House Republican leaders said Wednesday that they plan to bring their controversial plan to revise key parts of the Affordable Care Act to a vote on Thursday, capping weeks of fits and starts in their attempt to fulfill a signature campaign promise.
The flagging Republican effort to reshape the nation’s health-care system picked up steam Wednesday as GOP leaders tried to address concerns about people with preexisting medical conditions. But independent analysts remained skeptical that the new proposal would fully address the needs of at-risk patients who receive coverage guarantees under the Affordable Care Act, underscoring the contentious nature of the Republican effort.
In an audacious move, the House leadership says it intends to force a vote on a bill that has not been scored in its current form or been seen by the vast number of members. The vote will occur without any financial justification for a new allotment of $8 billion over five years (a sliver of the amount that experts say is needed to provide accessible and affordable coverage to people with preexisting conditions through high-risk pools). Members will still be voting for a huge tax cut for the rich (contrary to Trump’s populist message), which simultaneously making coverage more expensive for older, rural Americans. It has been opposed by virtually every medical association (plus AARP) and retains provisions that a large percentage of Americans oppose (e.g. rolling back Medicaid, kicking as many as 24 million people off coverage, abolishing the essential benefits that must be offered).
By most outside whip counts, the vote will be close — only a few votes above or below the 216 tally needed for passage. If the speaker needs to pull the bill or risk losing on the floor, he’ll suffer a humiliation that may well lose him the support of his conference.
As of this hour, a number of questions remain unanswered:
- Do GOP leaders really have 216 votes, and if not, will they pull the bill once again?
- How will the GOP justify voting for a bill not scored, not subjected to scrutiny for even 24 hours and not strenuously defended on the merits?
- If moderates take the plunge, will they get hammered at the polls in 2018?
- If the hodgepodge of incoherent provisions makes its way to the Senate, where it almost certainly will fail (and likely won’t qualify under the Byrd rule for reconciliation), what then?
- Will House members get bashed for passing a bill so awful that even a GOP Senate couldn’t approve it?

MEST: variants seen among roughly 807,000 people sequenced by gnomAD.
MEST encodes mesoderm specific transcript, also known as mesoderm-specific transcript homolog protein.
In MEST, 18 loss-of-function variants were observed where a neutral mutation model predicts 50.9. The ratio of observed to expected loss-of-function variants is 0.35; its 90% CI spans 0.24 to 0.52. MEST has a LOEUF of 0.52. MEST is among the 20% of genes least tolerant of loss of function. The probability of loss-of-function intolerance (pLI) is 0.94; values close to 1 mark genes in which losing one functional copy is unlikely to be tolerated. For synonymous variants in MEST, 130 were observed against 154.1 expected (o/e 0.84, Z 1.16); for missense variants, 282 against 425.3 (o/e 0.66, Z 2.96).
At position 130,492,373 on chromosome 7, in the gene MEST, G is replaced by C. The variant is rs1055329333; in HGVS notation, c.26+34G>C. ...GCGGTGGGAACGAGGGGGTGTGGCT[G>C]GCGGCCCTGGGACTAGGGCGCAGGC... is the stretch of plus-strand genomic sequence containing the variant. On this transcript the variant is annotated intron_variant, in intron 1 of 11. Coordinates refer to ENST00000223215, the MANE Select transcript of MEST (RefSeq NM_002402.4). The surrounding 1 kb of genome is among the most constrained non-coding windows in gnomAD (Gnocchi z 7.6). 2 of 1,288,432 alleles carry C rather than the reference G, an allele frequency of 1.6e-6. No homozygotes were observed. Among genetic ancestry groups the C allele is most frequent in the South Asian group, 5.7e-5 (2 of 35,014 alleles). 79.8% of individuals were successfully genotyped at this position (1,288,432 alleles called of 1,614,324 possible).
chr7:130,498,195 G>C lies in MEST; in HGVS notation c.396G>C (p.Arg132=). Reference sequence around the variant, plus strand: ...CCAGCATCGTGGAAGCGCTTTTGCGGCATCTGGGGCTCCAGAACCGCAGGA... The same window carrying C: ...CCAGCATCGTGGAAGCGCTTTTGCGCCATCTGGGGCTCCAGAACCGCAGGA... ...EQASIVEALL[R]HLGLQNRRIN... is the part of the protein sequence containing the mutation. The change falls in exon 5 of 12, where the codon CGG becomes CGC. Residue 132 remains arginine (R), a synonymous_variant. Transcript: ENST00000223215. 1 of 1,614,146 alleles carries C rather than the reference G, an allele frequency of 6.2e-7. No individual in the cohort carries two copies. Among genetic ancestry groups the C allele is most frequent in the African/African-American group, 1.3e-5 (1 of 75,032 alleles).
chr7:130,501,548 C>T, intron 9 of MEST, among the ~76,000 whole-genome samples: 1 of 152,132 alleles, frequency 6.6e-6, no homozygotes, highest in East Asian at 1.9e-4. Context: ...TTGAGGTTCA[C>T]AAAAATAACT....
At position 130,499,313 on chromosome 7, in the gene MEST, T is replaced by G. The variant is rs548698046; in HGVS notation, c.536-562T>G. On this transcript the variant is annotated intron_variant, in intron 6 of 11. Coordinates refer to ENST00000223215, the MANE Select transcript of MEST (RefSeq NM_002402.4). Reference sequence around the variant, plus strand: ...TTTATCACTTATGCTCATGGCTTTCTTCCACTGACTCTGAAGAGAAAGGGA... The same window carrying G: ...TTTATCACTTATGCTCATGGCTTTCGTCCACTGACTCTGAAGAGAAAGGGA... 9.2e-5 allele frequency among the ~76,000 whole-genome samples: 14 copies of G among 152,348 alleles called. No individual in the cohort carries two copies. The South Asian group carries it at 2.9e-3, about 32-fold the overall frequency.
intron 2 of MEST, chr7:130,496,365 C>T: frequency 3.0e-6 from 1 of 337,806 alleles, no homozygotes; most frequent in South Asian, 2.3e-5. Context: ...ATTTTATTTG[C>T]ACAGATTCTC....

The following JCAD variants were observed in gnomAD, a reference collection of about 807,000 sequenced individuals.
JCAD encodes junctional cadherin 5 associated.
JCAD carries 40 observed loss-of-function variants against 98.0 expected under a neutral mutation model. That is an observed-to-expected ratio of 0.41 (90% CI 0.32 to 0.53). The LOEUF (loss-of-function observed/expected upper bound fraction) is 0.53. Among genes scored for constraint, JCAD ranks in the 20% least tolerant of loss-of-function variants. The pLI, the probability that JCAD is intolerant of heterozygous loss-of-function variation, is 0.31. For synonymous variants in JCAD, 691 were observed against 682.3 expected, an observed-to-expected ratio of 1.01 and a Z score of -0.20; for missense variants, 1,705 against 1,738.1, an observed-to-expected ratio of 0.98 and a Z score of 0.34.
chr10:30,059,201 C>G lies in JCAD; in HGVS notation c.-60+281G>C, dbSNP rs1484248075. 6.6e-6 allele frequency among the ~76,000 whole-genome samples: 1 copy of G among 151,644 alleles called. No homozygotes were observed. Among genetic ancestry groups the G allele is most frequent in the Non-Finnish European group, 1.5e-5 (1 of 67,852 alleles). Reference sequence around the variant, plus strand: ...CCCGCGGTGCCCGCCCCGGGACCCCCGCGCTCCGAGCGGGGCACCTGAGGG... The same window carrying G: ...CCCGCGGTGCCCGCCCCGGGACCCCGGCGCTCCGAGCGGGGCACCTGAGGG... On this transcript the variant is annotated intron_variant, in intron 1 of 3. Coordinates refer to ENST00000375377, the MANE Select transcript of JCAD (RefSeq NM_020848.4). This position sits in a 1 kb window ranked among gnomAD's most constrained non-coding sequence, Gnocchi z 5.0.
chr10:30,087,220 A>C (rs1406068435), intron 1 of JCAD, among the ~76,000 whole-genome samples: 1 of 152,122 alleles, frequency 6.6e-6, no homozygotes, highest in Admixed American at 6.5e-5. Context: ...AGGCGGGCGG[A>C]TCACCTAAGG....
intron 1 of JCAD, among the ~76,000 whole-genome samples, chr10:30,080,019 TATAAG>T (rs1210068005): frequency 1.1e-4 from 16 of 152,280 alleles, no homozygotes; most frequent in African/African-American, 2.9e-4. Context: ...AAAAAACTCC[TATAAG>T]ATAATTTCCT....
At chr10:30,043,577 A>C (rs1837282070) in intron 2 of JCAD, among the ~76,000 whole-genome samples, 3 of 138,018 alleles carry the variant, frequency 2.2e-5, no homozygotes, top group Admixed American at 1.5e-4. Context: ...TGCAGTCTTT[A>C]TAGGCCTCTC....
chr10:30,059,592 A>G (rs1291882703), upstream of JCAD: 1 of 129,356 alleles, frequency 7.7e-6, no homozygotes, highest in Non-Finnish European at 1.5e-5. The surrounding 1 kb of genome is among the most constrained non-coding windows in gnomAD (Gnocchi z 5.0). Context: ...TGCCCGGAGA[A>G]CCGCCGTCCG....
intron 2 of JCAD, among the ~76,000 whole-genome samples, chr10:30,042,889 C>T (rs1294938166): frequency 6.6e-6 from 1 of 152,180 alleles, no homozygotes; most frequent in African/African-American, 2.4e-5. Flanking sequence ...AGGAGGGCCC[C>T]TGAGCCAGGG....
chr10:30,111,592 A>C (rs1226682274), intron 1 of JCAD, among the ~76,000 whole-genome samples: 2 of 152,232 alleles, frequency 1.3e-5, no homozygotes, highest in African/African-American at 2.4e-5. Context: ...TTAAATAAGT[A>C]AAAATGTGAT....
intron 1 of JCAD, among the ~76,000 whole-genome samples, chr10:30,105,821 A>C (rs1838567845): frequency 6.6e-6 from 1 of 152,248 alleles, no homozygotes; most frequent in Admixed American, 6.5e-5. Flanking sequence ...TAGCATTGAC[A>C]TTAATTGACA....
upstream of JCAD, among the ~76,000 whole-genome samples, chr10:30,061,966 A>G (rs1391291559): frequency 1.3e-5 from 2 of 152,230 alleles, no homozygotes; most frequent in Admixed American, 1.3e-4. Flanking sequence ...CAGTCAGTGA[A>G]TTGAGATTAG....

- Will moderates revolt against House Speaker Paul Ryan (R-Wis.), who is setting them up for a vote indefensible on the merits and potentially fatal to their political careers?
- When the inadequacy of the bill becomes clear, will House Republicans have buyer’s remorse?
The degree to which the House feels compelled to undertake unprincipled, even reckless, action may startle some observers. However, by now we should be accustomed to a president without concern for the merits of any measure and a right-wing contingent that is more afraid of failing to pass something than it is of hurting millions of Americans. Ryan no longer has the will or the ability to be the adult in the room who can bring his members to their senses.
Democrats seemed ambivalent. On one hand, they plainly would like to put a stake through the heart of Trumpcare. Many Democrats and a few thoughtful conservatives sounded mortified that so many House members could be swayed by an $8 billion fig leaf that would obviously be insufficient to protect hard-to-insure Americans. (The liberal Center for American Progress calculated that “even if the House were to throw an additional $200 billion at high-risk pools to keep them afloat, that would do nothing to help consumers outside the risk pools. The other 9 in 10 people with pre-existing conditions would be vulnerable to thousands of dollars in health-based premium surcharges, and the return of medical underwriting would unravel the insurance market.”) Democrats honestly (and with some justification) think the GOP will deprive millions of Americans coverage for lifesaving care and, to be blunt, kill people.
On the other hand, most Democrats seem convinced that the Senate will reject this mess of a bill. A House vote for the bill will be the perfect cudgel to use against Republicans in 2018 and again in 2020. In essence, they figure, “Hey, why not let Republicans vote for something so bad that it’ll fail anyway and may well cost them the House majority and eventually the Senate majority and White House?”
We will be watching to see whether Trumpcare does in fact pass, and if so, what the consequences for Republicans may be. The only thing we can say with certainty (we think) is that the bill in its current form will never become law. GOP senators are much too smart to go along with this policy and political debacle.